“The Red Cross has made great strides in putting vital information in the hands of people who need it during emergencies. In fact, our apps are now on more than two million mobile devices across the country,” Davis said.

But preparing for a disaster like a tornado, or other disaster, means more than just having enough an app and food and water on hand. Having an organized set of financial documents and contact information is also key to getting through a stressful event like a tornado. The Red Cross also advises the following:

  • Cash is king. Always keep some extra cash available since ATMs and banks may not be accessible and credit card systems at gas stations and stores may be down. To determine how much money to set aside, estimate how much your family would need for three days if you could not return home, the power remained out, or if you were unable to get cash from an ATM or bank.
  • Paperwork is key to recovery. In addition to having a list of medications and medical information, keep copies of these personal documents in your “Financial Go-Kit”
  • Proof of address
  • Deed/lease to home
  • Insurance policies
  • IDs and passports
  • Birth certificates
  • Social Security card
  • Marriage license
  • Legal papers

Keep these copies updated, organized and in a secure location that you can easily access in case you need to evacuate. Many people store the originals in their safety deposit box. Make sure you also have contact information for your bank and insurance company, as well as for your utility and credit card companies.

Take advantage of technology. Upload important documents such as personal and financial records to a secure backup or cloud drive that you can access remotely in case you have to evacuate.

Other ways to prepare for a disaster include creating a video log of your belongings such as jewelry, appliances and other valuables, and creating an emergency information document to record your emergency plans. More information and additional “Get Tech Ready” tips are available at www.redcross.org/techready.

If a catastrophe strikes will you be ready, Davis asked? He said the time to prepare for a disaster is now because no one knows whether it will occur in the home, the community or across the United States.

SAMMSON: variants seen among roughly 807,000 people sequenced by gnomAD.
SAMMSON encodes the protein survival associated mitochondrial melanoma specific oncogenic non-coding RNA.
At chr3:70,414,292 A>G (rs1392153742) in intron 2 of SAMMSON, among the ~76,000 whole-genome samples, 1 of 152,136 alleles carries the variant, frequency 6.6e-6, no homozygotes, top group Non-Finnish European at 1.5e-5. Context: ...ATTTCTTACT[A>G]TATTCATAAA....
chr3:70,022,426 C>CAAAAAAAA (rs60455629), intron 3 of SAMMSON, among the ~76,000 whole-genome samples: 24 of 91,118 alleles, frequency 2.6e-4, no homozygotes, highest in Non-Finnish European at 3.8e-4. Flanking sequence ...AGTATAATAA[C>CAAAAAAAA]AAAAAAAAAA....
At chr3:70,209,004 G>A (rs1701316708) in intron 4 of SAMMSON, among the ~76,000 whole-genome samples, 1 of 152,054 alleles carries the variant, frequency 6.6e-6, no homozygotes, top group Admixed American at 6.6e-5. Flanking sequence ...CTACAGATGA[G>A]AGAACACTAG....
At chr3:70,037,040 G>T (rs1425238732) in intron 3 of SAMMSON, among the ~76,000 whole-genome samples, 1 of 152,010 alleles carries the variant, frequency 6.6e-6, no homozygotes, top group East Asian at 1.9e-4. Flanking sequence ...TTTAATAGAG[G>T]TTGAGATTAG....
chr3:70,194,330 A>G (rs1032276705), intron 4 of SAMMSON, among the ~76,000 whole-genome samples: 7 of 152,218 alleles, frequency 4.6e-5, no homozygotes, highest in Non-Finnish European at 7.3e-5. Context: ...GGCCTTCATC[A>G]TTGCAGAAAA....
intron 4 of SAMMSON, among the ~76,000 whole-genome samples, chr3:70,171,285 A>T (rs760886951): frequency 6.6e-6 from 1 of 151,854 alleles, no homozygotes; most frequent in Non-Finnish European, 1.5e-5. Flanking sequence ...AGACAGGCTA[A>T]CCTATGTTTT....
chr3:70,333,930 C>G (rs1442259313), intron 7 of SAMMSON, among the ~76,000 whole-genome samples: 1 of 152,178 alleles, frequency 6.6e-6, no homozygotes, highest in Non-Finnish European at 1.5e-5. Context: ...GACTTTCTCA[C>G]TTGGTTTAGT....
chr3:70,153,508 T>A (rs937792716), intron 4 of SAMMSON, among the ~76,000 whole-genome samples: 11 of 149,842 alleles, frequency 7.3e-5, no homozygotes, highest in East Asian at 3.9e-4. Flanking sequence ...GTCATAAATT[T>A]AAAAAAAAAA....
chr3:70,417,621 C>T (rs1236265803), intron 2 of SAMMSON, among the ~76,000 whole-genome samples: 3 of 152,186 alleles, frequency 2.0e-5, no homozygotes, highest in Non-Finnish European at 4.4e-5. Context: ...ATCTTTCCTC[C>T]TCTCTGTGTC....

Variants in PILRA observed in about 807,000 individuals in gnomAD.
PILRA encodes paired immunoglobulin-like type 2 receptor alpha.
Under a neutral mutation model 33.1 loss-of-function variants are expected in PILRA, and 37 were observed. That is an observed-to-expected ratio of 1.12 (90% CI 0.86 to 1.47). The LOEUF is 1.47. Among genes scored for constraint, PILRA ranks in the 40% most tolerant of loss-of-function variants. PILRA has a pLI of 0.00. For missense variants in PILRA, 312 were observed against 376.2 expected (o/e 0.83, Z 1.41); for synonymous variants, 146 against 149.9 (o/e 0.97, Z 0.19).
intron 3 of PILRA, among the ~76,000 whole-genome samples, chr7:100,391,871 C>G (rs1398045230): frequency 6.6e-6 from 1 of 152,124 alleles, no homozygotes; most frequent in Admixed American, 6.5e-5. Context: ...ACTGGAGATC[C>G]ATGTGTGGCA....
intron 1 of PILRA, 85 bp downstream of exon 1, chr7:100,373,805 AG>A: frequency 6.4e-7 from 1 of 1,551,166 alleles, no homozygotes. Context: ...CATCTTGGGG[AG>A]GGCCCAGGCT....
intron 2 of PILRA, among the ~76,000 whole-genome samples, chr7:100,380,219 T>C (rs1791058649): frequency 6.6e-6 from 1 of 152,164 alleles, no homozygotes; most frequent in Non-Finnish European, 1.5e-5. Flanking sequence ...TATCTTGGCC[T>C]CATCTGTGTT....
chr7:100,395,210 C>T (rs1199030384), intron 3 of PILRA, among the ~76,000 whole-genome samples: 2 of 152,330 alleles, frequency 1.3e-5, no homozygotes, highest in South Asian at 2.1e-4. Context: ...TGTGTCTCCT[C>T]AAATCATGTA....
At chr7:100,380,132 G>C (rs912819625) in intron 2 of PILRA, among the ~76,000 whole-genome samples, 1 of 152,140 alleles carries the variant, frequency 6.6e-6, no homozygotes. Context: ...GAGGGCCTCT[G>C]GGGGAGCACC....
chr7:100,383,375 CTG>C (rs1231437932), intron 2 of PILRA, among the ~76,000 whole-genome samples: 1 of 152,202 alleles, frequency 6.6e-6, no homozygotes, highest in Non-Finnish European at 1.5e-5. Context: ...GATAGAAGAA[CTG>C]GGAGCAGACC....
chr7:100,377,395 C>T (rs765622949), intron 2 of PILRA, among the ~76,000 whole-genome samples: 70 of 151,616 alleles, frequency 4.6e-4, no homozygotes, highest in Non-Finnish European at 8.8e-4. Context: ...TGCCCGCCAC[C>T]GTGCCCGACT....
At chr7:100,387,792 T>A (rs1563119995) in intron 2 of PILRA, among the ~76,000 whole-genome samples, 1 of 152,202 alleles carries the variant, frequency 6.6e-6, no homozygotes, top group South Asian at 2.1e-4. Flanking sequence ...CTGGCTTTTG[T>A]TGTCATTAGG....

“Being prepared is the best way to be ready. These emergencies can affect one family or an entire community. By taking responsibility for our own preparedness, we each help contribute to the resilience of our community.”

Don’t know where to start? The three keys to being prepared are to build a kit, make a plan and be informed. An emergency preparedness kit should be stored in an easy-to-carry container that someone can use at home or take with them in case they have to evacuate. It should contain:

• A three-day supply of water (one gallon, per person, per day) and nonperishable    food
• A flashlight
• Battery-powered or hand-crank radio
• Extra batteries
• A first aid kit
• Seven day supply of medications
• Multi-purpose tool
• Sanitation and personal hygiene items
• Copies of important personal documents such as ID cards, prescriptions, banking information and insurance policies

All members of a household should work together on an emergency communication plan. Each person should know how to reach other members of the household. The plan also should include an out-of-area emergency contact person, and where everyone should meet up if they can’t go home.

The American Red Cross shelters, feeds and provides emotional support to victims of disasters; supplies about 40 percent of the nation’s blood; teaches skills that save lives; provides international humanitarian aid; and supports military members and their families. The Red Cross is a not-for-profit organization that depends on volunteers and the generosity of the American public to perform its mission. For more information, visit redcross.org.